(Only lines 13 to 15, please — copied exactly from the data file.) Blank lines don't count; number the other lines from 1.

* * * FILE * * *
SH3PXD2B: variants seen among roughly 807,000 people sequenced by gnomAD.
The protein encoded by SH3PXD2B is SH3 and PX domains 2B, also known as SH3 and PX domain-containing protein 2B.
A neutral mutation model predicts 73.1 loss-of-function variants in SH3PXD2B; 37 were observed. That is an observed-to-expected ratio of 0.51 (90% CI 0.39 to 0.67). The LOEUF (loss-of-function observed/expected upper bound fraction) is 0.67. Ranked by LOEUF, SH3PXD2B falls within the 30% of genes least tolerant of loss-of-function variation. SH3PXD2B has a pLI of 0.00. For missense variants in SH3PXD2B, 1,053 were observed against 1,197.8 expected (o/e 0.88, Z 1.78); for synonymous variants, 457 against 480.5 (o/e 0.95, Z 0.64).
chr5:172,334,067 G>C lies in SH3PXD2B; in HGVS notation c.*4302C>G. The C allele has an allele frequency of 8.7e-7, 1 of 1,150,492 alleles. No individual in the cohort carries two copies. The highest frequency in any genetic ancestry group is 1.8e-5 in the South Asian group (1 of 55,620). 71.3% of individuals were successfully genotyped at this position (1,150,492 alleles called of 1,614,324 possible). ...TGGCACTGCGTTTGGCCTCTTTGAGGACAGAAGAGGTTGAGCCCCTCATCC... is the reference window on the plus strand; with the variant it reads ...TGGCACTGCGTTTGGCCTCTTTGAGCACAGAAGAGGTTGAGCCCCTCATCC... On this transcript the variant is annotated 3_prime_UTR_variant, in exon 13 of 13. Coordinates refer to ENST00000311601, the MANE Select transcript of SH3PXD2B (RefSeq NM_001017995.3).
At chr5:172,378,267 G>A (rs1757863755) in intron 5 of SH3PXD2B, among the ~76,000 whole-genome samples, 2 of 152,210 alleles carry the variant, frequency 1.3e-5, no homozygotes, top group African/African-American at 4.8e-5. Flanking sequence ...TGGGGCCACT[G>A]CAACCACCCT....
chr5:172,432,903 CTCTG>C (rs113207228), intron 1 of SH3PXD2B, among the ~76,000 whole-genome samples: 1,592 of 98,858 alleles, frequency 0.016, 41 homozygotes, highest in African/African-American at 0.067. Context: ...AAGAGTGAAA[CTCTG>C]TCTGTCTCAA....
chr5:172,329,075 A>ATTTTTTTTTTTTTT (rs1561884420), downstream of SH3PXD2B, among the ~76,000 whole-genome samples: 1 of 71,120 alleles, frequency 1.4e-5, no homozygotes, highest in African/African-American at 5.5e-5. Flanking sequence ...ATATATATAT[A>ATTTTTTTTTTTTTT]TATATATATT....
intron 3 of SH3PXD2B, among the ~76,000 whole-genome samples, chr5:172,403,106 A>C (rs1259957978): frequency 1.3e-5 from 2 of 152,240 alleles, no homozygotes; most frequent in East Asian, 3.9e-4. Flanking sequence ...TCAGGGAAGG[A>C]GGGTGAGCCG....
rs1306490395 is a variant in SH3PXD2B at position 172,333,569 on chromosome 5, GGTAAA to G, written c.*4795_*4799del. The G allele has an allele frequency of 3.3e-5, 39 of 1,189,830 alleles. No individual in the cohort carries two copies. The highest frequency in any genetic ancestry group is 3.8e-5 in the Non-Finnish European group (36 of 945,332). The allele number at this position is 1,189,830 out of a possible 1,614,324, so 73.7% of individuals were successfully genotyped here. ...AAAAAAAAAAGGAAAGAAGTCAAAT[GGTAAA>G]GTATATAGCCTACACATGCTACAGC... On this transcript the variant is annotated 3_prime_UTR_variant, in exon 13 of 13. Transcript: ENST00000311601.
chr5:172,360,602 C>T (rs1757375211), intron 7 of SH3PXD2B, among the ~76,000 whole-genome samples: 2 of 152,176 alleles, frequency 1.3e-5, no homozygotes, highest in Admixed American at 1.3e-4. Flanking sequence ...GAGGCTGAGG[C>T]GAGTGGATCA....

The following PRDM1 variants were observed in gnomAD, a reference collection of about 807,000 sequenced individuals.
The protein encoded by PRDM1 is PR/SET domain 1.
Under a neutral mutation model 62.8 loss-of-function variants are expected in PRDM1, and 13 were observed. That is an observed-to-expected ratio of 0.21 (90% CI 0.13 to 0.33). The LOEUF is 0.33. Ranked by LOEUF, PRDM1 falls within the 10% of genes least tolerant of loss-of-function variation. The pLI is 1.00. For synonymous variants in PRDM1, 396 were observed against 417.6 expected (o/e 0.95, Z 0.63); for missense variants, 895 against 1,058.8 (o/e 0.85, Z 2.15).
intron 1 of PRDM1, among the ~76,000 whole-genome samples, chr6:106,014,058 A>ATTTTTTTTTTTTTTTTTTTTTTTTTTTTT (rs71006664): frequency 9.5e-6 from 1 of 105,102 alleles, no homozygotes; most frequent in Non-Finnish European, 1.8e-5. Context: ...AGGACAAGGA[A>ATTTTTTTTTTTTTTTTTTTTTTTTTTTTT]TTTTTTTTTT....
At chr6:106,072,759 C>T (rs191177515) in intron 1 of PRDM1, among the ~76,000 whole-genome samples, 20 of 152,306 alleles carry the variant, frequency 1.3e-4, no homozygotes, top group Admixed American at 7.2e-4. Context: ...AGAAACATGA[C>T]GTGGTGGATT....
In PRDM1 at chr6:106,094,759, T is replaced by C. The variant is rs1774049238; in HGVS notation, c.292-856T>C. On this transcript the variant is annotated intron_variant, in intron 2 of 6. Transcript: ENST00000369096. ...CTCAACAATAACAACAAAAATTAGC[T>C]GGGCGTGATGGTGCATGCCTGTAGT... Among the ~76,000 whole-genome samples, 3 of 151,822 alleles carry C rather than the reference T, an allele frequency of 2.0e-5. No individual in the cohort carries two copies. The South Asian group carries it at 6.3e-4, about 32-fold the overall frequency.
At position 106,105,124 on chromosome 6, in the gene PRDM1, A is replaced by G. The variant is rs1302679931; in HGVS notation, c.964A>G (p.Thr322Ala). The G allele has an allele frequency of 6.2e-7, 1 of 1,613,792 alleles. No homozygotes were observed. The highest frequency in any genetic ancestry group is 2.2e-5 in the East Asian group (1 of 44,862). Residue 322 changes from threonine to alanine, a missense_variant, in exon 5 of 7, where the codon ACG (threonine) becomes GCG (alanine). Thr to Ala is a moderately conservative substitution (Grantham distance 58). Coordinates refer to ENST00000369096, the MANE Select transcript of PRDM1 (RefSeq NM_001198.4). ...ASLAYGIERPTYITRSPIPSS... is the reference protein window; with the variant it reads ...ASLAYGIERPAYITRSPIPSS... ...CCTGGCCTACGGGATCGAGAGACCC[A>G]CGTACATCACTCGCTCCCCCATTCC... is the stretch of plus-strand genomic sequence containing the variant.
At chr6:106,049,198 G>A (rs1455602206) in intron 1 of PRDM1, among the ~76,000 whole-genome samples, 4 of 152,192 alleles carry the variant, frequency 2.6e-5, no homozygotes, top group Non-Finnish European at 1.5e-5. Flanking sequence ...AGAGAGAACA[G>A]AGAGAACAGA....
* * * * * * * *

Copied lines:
Under a neutral mutation model 62.8 loss-of-function variants are expected in PRDM1, and 13 were observed. That is an observed-to-expected ratio of 0.21 (90% CI 0.13 to 0.33). The LOEUF is 0.33. Ranked by LOEUF, PRDM1 falls within the 10% of genes least tolerant of loss-of-function variation. The pLI is 1.00. For synonymous variants in PRDM1, 396 were observed against 417.6 expected (o/e 0.95, Z 0.63); for missense variants, 895 against 1,058.8 (o/e 0.85, Z 2.15).
intron 1 of PRDM1, among the ~76,000 whole-genome samples, chr6:106,014,058 A>ATTTTTTTTTTTTTTTTTTTTTTTTTTTTT (rs71006664): frequency 9.5e-6 from 1 of 105,102 alleles, no homozygotes; most frequent in Non-Finnish European, 1.8e-5. Context: ...AGGACAAGGA[A>ATTTTTTTTTTTTTTTTTTTTTTTTTTTTT]TTTTTTTTTT....
At chr6:106,072,759 C>T (rs191177515) in intron 1 of PRDM1, among the ~76,000 whole-genome samples, 20 of 152,306 alleles carry the variant, frequency 1.3e-4, no homozygotes, top group Admixed American at 7.2e-4. Context: ...AGAAACATGA[C>T]GTGGTGGATT....